The common wisdom is that if you want to fuzz data formats with such ornate grammars, you need to build an one-off, protocol-specific mutation engine with the appropriate syntax templates baked in. Of course, writing such code isn't easy. In essence, you need to manually build a model precise enough so that the generated test cases almost always make sense to the targeted parser - but creative enough to trigger unintended behaviors in that codebase. It takes considerable experience and a fair amount of time to get it just right.

I was thinking about using afl-fuzz to reach some middle ground between the two worlds. I quickly realized that if you give the fuzzer a list of basic syntax tokens - say, the set of reserved keywords defined in the spec - the instrumentation-guided nature of the tool means that even if we just mindlessly clobber the tokens together, we will be able to distinguish between combinations that are nonsensical and ones that actually follow the rules of the underlying grammar and therefore trigger new states in the instrumented binary. By discarding that first class of inputs and refining the other, we could progressively construct more complex and meaningful syntax as we go.

Ideas are cheap, but when I implemented this one, it turned out to be a good bet. For example, I tried it against sqlite, with the fuzzer fed a collection of keywords grabbed from the project's docs (-x testcases/_extras/sql/). Equipped with this knowledge, afl-fuzz quickly spewed out a range of valid if unusual statements, such as:

select sum(1)LIMIT(select sum(1)LIMIT -1,1); select round( -1)````; select group_concat(DISTINCT+1) |1; select length(?)in( hex(1)+++1,1); select abs(+0+ hex(1)-NOT+1) t1; select DISTINCT "Y","b",(1)"Y","b",(1); select - (1)AND"a","b"; select ?1in(CURRENT_DATE,1,1); select - "a"LIMIT- /* */ /* */- /* */ /* */-1; select strftime(1, sqlite_source_id());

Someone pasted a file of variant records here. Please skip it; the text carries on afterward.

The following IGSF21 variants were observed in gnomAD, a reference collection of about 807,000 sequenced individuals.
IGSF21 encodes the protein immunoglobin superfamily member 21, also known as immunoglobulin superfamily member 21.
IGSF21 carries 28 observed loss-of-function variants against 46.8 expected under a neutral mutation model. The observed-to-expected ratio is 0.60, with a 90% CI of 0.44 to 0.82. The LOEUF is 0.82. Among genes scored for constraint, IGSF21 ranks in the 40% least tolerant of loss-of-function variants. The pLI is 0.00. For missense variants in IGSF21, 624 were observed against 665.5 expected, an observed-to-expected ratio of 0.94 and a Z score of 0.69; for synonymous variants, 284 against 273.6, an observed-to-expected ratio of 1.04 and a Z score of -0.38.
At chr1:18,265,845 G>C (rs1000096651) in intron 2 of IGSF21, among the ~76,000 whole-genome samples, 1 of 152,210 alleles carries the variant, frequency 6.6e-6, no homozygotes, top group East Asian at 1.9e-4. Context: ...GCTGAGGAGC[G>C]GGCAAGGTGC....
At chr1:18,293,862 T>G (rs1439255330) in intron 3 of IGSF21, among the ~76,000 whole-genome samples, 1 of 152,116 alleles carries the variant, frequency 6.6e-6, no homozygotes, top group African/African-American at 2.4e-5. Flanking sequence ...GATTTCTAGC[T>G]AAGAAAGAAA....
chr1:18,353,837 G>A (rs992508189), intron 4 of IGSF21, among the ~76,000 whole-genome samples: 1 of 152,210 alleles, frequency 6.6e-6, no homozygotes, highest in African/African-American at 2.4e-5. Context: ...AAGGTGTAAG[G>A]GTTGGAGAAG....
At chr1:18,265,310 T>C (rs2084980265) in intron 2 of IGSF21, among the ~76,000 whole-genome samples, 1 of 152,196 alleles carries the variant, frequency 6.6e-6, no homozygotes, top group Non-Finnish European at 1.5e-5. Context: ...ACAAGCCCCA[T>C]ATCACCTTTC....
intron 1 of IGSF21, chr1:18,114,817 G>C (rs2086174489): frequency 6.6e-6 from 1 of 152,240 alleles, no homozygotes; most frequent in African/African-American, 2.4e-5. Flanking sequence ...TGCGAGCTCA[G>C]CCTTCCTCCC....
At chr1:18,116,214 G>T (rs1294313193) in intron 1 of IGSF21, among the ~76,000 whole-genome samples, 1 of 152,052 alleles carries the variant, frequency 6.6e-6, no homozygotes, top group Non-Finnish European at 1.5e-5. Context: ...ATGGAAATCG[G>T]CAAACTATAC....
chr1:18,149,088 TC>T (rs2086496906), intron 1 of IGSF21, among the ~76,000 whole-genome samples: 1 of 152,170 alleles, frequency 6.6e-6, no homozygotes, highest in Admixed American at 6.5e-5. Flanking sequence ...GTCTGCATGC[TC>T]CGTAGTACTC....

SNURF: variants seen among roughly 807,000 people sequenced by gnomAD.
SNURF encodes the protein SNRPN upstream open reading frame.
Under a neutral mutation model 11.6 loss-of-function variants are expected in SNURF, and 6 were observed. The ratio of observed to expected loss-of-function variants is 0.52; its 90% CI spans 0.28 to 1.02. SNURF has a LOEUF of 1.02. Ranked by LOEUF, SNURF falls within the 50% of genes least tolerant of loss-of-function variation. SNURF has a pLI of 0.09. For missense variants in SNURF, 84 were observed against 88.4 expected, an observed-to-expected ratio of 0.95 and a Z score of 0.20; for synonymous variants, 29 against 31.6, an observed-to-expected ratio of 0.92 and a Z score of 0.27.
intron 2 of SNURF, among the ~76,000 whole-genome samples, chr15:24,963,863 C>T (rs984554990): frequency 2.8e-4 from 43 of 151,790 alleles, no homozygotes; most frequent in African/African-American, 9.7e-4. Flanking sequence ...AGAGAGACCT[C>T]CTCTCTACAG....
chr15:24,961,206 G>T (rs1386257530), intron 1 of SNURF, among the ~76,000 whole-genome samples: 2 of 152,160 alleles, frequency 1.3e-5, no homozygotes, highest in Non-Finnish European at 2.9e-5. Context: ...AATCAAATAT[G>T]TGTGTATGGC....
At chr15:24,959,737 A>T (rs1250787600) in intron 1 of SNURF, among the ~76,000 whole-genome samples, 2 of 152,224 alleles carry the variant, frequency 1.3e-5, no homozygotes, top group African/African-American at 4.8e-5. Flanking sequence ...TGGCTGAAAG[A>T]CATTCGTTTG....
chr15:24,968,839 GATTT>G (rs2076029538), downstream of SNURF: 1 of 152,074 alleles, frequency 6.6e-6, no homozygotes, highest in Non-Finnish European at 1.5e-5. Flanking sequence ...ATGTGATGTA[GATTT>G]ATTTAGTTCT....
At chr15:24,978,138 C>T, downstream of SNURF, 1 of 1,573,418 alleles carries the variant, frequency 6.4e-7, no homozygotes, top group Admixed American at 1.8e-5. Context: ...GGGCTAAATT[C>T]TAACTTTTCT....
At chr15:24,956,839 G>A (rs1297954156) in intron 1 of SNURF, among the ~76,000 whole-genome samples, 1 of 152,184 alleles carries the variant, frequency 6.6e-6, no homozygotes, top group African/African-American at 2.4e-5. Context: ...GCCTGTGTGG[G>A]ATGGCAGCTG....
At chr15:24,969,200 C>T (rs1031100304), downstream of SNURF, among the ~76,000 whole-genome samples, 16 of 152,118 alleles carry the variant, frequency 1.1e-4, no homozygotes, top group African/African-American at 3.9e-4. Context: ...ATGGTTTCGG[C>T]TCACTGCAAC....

(It also found a couple of crashing bugs.)

All right, all right: grabbing keywords is much easier than specifying the underlying grammar, but it still takes some work. I've been wondering how to scratch that itch, too - and came up with a fairly simple algorithm that can help those who do not have the time or the inclination to construct a proper dictionary.

To explain the approach, it's useful to rely on the example of a PNG file. The PNG format uses four-byte, human-readable magic values to indicate the beginning of a section, say:

89 50 4e 47 0d 0a 1a 0a 00 00 00 0d 49 48 44 52 | .PNG........IHDR
00 00 00 20 00 00 00 20 02 03 00 00 00 0e 14 92 | ................

The algorithm in question can identify "IHDR" as a syntax token by piggybacking on top of the deterministic, sequential bit flips that are already being performed by afl-fuzz across the entire file. It works by identifying runs of bytes that satisfy a simple property: that flipping them triggers an execution path that is distinct from the product of flipping stuff in the neighboring regions, yet consistent across the entire sequence of bytes.

This signal strongly implies that touching any of the affected bytes causes the failure of an underlying atomic check, such as header.magic_value == 0xDEADBEEF or strcmp(name, "Set-Cookie"). When such a behavior is detected, the entire blob of data is added to the dictionary, to be randomly recombined with other dictionary tokens later on.

This second trick is not a substitute for a proper, hand-crafted list of keywords; for one, it will only know about the syntax tokens that were present in the input files, or could be synthesized easily. It will also not do much when pitted against optimized, tree-based parsers that do not perform atomic string comparisons. (The fuzzer itself can often clear that last obstacle anyway, but the process will be slow.)

Well, that's it. If you want to try out the new features, click here and let me know how it goes!

November 30, 2014

afl-fuzz: nobody expects CDATA sections in XML

I made a very explicit, pragmatic design decision with afl-fuzz: for performance and reliability reasons, I did not want to get into static analysis or symbolic execution to understand what the program is actually doing with the data we are feeding to it. The basic algorithm for the fuzzer can be just summed up as randomly mutating the input files, and gently nudging the process toward new state transitions discovered in the targeted binary. That discovery part is done with the help of lightweight and extremely simple instrumentation injected by the compiler.

I had a working theory that this would make the fuzzer a bit smarter than a potato, but I wasn't expecting any fireworks. So, when the algorithm managed to not only find some useful real-world bugs, but to successfully synthesize a JPEG file out of nothing, I was genuinely surprised by the outcome.

Of course, while it was an interesting result, it wasn't an impossible one. In the end, the fuzzer simply managed to wiggle its way through a long and winding sequence of conditionals that operated on individual bytes, making them well-suited for the guided brute-force approach. What seemed perfectly clear, though, is that the algorithm wouldn't be able to get past "atomic", large-search-space checks such as: